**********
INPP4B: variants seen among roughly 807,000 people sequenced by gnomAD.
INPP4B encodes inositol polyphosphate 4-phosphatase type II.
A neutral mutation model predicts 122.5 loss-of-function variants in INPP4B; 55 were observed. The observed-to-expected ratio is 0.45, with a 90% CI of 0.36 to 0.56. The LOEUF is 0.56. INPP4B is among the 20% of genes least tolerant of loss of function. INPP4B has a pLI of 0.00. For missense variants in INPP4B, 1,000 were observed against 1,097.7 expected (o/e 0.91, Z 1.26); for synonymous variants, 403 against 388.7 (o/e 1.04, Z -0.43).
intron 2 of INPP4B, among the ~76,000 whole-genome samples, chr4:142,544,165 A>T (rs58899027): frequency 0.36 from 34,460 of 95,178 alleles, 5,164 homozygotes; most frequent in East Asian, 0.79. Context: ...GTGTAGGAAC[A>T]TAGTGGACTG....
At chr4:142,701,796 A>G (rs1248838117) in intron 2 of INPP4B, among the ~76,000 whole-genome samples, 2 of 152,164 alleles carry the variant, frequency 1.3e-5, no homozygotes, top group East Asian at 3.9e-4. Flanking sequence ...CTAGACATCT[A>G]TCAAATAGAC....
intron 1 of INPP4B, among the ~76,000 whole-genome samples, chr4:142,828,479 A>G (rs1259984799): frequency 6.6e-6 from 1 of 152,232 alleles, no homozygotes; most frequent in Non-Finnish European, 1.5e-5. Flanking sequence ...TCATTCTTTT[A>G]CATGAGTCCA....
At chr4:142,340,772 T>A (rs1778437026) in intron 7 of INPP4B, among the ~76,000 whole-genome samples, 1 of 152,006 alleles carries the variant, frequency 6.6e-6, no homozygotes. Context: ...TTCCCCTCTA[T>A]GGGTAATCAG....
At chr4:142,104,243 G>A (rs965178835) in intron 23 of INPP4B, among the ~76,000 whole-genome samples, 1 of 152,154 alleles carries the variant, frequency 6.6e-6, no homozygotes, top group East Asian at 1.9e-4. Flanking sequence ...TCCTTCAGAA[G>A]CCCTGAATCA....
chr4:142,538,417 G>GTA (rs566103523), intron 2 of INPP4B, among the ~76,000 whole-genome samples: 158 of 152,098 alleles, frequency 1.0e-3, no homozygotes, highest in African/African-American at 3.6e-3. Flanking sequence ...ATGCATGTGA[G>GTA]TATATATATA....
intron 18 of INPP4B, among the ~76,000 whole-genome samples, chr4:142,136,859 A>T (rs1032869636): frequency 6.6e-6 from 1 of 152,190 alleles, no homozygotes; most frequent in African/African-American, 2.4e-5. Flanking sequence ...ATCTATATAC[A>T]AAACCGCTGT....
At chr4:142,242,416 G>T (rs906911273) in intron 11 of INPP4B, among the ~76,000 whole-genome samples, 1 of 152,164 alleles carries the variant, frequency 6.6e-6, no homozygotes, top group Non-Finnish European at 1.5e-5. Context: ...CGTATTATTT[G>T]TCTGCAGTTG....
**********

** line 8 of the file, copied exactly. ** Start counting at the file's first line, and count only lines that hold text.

At chr4:142,104,243 G>A (rs965178835) in intron 23 of INPP4B, among the ~76,000 whole-genome samples, 1 of 152,154 alleles carries the variant, frequency 6.6e-6, no homozygotes, top group East Asian at 1.9e-4. Flanking sequence ...TCCTTCAGAA[G>A]CCCTGAATCA....